What is the Wash­ing­ton, DC Admis­sion Act?

The bill would turn most of present-day Wash­ing­ton, DC, into a new state called Wash­ing­ton, Douglass Common­wealth. The new state would be on equal foot­ing with the exist­ing 50, with the same level of control over its own affairs and full voting repres­ent­a­tion in Congress, with two senat­ors and one repres­ent­at­ive. A small capital district compris­ing the Capitol complex, White House, National Mall, and other federal grounds would remain under congres­sional author­ity as the seat of the federal govern­ment.

Can Congress admit DC as a state?

Yes. The Consti­tu­tion vests Congress with broad power to admit new states through legis­la­tion under Article IV, subject to two limit­a­tions: states may not be formed from exist­ing states’ territ­ory without their consent and juris­dic­tions seek­ing to join the Union as states must have a repub­lican form of govern­ment. Congress has histor­ic­ally applied two addi­tional criteria when consid­er­ing whether to admit a new state. Peti­tions for state­hood must reflect the desire of the people in that juris­dic­tion, and any new state must have the suffi­cient popu­la­tion and resources to support itself and contrib­ute to the federal govern­ment.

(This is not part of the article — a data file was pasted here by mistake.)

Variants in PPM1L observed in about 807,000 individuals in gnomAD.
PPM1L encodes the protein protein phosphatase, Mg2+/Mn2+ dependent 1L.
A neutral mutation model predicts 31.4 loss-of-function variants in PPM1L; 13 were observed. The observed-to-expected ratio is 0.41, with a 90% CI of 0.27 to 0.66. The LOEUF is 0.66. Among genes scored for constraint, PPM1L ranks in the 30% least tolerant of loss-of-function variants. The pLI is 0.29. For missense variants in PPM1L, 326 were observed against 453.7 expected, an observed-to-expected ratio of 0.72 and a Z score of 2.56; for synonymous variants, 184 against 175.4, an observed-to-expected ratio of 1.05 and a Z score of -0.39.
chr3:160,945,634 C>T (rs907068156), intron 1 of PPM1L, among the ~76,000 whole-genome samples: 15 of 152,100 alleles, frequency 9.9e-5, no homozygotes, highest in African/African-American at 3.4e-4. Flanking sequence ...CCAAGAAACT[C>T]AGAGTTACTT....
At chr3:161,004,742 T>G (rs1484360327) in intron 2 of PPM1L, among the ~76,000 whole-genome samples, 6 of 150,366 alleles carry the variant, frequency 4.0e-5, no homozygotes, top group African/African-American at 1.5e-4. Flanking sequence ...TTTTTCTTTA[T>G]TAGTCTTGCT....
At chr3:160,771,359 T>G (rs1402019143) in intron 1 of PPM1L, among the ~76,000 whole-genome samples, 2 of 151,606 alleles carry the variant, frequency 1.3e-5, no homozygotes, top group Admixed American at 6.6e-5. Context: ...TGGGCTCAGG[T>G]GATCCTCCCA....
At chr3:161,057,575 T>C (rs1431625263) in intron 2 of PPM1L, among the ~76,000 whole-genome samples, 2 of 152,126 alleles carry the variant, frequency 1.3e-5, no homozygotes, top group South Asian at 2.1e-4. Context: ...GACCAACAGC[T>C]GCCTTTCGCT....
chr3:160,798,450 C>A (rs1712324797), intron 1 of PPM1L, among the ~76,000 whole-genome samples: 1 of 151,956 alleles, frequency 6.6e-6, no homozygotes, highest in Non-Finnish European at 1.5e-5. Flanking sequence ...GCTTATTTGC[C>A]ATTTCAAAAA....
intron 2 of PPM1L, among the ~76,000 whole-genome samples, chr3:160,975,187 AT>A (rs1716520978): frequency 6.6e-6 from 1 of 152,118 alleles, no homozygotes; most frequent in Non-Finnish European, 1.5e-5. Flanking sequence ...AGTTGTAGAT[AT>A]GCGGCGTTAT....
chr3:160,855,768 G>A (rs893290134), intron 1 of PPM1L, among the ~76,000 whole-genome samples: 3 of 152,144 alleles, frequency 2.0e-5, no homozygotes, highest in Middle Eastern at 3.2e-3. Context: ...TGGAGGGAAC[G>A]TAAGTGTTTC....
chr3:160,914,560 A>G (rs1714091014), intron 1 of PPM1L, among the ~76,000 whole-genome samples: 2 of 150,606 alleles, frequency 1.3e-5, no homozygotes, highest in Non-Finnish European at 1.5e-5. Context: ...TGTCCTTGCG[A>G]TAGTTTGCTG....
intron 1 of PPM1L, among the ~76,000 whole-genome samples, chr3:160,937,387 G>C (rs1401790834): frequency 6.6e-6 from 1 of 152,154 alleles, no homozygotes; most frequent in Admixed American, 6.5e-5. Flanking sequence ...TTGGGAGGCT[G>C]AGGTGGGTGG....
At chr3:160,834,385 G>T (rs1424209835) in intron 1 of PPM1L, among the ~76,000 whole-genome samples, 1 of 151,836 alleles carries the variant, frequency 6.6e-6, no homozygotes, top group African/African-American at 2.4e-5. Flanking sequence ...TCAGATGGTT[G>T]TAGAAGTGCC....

Admit­ting the Douglass Common­wealth as the 51st state through ordin­ary legis­la­tion is not only permiss­ible but also consist­ent with how the other 37 non-original states were admit­ted, from Vermont in 1791 to Hawaii in 1959. The conten­tion that the Wash­ing­ton, DC Admis­sion Act is some­how differ­ent, in process or polit­ical effect, is not true.

Further­more, Congress’s exclus­ive author­ity over the district includes the power to revise its bound­ar­ies under Article I. In 1846, Congress exer­cised this power to modify the district’s original “ten miles square” bound­ary, return­ing land previ­ously ceded by Virginia. Courts have also found that the Consti­tu­tion’s District Clause contains ”sweep­ing and inclus­ive”  language, permit­ting broad leeway for Congress to alter the federal district’s contours.

What are argu­ments made against DC state­hood?

Oppon­ents have raised several argu­ments ques­tion­ing the consti­tu­tion­al­ity of admit­ting the district as a state. Some argue that it requires the consent of Mary­land, the state from which the land was origin­ally gran­ted. This view is contra­dicted by histor­ical docu­ment­a­tion show­ing that when Mary­land ceded the territ­ory, it stip­u­lated that the land was “forever ceded and relin­quished . . . in full and abso­lute right and exclus­ive juris­dic­tion.”